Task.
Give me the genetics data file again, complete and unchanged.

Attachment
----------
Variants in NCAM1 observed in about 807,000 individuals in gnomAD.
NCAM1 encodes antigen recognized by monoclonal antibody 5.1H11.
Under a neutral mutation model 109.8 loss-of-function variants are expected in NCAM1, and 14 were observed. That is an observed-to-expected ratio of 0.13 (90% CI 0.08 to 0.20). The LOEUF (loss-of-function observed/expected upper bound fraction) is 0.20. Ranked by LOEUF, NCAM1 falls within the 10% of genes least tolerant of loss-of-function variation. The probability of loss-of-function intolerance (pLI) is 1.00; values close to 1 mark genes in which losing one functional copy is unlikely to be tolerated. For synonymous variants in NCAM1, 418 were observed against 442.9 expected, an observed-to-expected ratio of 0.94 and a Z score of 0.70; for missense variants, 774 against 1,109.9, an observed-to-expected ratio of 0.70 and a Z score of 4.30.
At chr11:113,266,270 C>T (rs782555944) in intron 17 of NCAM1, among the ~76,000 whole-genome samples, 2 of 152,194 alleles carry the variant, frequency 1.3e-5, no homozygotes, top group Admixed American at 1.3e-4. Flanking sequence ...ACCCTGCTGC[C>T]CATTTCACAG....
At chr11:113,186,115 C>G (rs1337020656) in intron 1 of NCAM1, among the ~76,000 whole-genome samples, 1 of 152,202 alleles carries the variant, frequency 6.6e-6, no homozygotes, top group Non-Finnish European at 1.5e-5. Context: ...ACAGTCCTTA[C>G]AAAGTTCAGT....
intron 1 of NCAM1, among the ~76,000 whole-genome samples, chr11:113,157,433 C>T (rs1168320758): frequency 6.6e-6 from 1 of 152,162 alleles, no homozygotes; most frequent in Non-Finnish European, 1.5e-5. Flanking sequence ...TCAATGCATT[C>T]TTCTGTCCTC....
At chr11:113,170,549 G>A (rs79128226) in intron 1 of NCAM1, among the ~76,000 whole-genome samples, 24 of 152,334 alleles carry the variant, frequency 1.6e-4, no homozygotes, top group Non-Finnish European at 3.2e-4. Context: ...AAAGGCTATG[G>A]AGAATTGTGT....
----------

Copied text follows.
Variants in NCAM1 observed in about 807,000 individuals in gnomAD.
NCAM1 encodes antigen recognized by monoclonal antibody 5.1H11.
Under a neutral mutation model 109.8 loss-of-function variants are expected in NCAM1, and 14 were observed. That is an observed-to-expected ratio of 0.13 (90% CI 0.08 to 0.20). The LOEUF (loss-of-function observed/expected upper bound fraction) is 0.20. Ranked by LOEUF, NCAM1 falls within the 10% of genes least tolerant of loss-of-function variation. The probability of loss-of-function intolerance (pLI) is 1.00; values close to 1 mark genes in which losing one functional copy is unlikely to be tolerated. For synonymous variants in NCAM1, 418 were observed against 442.9 expected, an observed-to-expected ratio of 0.94 and a Z score of 0.70; for missense variants, 774 against 1,109.9, an observed-to-expected ratio of 0.70 and a Z score of 4.30.
At chr11:113,266,270 C>T (rs782555944) in intron 17 of NCAM1, among the ~76,000 whole-genome samples, 2 of 152,194 alleles carry the variant, frequency 1.3e-5, no homozygotes, top group Admixed American at 1.3e-4. Flanking sequence ...ACCCTGCTGC[C>T]CATTTCACAG....
At chr11:113,186,115 C>G (rs1337020656) in intron 1 of NCAM1, among the ~76,000 whole-genome samples, 1 of 152,202 alleles carries the variant, frequency 6.6e-6, no homozygotes, top group Non-Finnish European at 1.5e-5. Context: ...ACAGTCCTTA[C>G]AAAGTTCAGT....
intron 1 of NCAM1, among the ~76,000 whole-genome samples, chr11:113,157,433 C>T (rs1168320758): frequency 6.6e-6 from 1 of 152,162 alleles, no homozygotes; most frequent in Non-Finnish European, 1.5e-5. Flanking sequence ...TCAATGCATT[C>T]TTCTGTCCTC....
At chr11:113,170,549 G>A (rs79128226) in intron 1 of NCAM1, among the ~76,000 whole-genome samples, 24 of 152,334 alleles carry the variant, frequency 1.6e-4, no homozygotes, top group Non-Finnish European at 3.2e-4. Context: ...AAAGGCTATG[G>A]AGAATTGTGT....